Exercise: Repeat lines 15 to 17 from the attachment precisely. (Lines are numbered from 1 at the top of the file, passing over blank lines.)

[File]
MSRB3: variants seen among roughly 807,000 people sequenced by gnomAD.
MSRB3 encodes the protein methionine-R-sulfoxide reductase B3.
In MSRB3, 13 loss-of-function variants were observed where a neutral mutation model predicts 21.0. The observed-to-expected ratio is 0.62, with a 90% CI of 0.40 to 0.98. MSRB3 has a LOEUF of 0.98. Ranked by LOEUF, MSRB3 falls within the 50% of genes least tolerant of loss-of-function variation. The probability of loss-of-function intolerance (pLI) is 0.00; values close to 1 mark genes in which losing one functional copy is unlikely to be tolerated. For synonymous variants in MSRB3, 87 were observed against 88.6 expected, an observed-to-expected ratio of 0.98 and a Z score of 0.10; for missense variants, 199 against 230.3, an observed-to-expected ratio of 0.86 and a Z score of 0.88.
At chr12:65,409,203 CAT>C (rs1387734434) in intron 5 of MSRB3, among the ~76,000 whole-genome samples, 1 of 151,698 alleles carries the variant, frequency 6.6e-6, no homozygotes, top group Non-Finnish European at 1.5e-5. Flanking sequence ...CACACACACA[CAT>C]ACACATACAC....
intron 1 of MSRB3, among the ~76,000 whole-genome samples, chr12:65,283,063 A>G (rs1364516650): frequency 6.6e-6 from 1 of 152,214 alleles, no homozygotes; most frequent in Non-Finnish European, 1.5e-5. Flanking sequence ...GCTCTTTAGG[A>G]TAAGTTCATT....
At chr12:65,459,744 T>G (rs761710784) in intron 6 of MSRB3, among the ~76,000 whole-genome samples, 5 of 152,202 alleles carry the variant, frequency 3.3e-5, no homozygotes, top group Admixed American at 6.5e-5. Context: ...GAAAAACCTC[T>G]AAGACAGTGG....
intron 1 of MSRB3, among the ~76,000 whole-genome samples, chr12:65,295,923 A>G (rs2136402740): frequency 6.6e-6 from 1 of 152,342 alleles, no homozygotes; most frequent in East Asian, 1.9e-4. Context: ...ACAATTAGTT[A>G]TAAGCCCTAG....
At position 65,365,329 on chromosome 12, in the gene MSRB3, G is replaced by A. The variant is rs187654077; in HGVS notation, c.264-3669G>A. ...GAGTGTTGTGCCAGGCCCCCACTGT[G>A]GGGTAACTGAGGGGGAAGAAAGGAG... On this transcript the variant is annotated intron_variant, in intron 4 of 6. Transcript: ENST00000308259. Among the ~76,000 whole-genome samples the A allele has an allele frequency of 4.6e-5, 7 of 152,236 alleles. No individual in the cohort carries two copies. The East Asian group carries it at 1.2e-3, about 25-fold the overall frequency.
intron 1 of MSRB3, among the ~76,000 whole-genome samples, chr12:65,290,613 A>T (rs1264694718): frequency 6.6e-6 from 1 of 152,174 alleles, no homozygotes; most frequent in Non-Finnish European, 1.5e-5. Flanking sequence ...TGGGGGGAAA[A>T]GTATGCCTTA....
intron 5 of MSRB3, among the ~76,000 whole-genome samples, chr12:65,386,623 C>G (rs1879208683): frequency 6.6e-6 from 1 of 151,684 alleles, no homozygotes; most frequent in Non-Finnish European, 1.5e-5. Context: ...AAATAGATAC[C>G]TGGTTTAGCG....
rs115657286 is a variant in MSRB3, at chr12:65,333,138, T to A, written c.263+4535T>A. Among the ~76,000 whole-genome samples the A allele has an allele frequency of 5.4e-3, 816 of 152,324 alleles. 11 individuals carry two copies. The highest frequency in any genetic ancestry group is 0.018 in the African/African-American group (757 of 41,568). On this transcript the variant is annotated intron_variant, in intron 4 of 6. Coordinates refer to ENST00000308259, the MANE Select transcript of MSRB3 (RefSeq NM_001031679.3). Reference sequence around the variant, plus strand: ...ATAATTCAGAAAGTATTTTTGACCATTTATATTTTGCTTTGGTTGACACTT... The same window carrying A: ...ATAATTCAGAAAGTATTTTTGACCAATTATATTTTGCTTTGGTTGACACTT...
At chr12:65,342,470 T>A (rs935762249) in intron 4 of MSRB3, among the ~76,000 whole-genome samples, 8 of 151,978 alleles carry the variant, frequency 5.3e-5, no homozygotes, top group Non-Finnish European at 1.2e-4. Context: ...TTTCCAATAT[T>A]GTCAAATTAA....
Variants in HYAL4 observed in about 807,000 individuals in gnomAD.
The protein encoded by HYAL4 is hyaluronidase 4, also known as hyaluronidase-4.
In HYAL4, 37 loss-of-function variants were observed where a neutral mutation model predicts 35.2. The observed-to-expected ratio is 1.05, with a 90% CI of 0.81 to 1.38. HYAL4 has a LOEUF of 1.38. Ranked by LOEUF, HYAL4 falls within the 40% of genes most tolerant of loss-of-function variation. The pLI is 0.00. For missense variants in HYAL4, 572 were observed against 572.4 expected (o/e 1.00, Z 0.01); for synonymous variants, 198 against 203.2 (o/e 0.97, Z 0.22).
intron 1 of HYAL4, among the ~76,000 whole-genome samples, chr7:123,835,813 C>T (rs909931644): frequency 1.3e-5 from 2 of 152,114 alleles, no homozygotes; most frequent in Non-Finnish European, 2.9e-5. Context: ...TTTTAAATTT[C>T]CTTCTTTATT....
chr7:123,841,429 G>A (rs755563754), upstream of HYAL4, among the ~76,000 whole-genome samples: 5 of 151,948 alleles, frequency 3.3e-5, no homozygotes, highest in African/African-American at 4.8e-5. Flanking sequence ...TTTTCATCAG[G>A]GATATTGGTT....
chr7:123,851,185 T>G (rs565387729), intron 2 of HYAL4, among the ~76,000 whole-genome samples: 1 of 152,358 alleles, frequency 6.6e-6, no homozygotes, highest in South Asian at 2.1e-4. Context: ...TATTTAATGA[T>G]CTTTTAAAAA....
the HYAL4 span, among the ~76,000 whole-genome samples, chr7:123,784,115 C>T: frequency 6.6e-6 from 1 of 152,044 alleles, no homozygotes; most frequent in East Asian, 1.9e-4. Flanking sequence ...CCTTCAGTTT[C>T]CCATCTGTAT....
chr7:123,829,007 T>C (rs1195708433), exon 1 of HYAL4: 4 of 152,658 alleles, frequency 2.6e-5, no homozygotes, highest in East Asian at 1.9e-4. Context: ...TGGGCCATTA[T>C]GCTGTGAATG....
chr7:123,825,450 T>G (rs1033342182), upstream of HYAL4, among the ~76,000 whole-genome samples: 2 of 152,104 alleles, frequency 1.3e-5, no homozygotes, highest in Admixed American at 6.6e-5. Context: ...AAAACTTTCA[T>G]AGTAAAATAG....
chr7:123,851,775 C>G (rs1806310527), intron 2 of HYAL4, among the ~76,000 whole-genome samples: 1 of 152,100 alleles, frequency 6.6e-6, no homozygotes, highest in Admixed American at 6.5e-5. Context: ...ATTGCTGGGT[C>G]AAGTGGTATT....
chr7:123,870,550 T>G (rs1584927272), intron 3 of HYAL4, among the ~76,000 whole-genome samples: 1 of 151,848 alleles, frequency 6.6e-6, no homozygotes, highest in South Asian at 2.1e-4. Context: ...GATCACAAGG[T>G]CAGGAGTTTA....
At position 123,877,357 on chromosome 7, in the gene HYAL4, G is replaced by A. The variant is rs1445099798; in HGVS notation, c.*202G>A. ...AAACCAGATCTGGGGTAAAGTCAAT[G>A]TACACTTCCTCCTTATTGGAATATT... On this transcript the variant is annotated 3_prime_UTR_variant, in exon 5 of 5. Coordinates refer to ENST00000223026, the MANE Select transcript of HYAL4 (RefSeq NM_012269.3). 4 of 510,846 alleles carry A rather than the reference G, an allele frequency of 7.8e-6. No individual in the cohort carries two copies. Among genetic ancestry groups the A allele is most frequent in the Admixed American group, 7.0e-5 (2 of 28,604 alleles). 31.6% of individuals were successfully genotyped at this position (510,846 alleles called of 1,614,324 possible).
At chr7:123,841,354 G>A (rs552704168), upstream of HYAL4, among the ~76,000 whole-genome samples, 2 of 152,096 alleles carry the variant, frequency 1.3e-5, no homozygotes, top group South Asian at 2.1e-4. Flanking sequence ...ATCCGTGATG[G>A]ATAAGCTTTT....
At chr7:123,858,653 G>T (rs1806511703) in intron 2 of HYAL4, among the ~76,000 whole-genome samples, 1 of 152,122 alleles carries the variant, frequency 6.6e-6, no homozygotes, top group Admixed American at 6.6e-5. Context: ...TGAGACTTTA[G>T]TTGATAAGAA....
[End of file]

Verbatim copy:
In HYAL4, 37 loss-of-function variants were observed where a neutral mutation model predicts 35.2. The observed-to-expected ratio is 1.05, with a 90% CI of 0.81 to 1.38. HYAL4 has a LOEUF of 1.38. Ranked by LOEUF, HYAL4 falls within the 40% of genes most tolerant of loss-of-function variation. The pLI is 0.00. For missense variants in HYAL4, 572 were observed against 572.4 expected (o/e 1.00, Z 0.01); for synonymous variants, 198 against 203.2 (o/e 0.97, Z 0.22).
intron 1 of HYAL4, among the ~76,000 whole-genome samples, chr7:123,835,813 C>T (rs909931644): frequency 1.3e-5 from 2 of 152,114 alleles, no homozygotes; most frequent in Non-Finnish European, 2.9e-5. Context: ...TTTTAAATTT[C>T]CTTCTTTATT....
chr7:123,841,429 G>A (rs755563754), upstream of HYAL4, among the ~76,000 whole-genome samples: 5 of 151,948 alleles, frequency 3.3e-5, no homozygotes, highest in African/African-American at 4.8e-5. Flanking sequence ...TTTTCATCAG[G>A]GATATTGGTT....